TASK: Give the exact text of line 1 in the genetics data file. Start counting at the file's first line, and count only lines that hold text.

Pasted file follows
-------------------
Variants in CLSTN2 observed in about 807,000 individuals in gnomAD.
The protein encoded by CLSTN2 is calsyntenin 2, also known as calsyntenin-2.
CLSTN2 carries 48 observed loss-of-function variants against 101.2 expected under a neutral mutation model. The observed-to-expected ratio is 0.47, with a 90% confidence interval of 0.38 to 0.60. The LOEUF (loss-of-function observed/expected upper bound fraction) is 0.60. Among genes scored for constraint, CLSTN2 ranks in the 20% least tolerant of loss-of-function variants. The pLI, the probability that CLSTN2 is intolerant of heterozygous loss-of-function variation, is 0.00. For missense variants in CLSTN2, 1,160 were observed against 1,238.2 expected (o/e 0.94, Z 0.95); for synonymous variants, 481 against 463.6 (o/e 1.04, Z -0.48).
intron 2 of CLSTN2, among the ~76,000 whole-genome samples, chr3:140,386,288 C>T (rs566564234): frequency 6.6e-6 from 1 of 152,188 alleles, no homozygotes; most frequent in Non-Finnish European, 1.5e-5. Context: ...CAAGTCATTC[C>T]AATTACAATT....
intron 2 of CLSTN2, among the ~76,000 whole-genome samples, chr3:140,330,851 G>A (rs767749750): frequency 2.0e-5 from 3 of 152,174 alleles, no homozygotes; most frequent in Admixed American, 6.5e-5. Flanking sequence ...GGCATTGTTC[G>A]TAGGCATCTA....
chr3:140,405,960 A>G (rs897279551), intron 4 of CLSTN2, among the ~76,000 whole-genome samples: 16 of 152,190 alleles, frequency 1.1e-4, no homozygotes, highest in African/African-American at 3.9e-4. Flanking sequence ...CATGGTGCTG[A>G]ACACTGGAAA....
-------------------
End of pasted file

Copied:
Variants in CLSTN2 observed in about 807,000 individuals in gnomAD.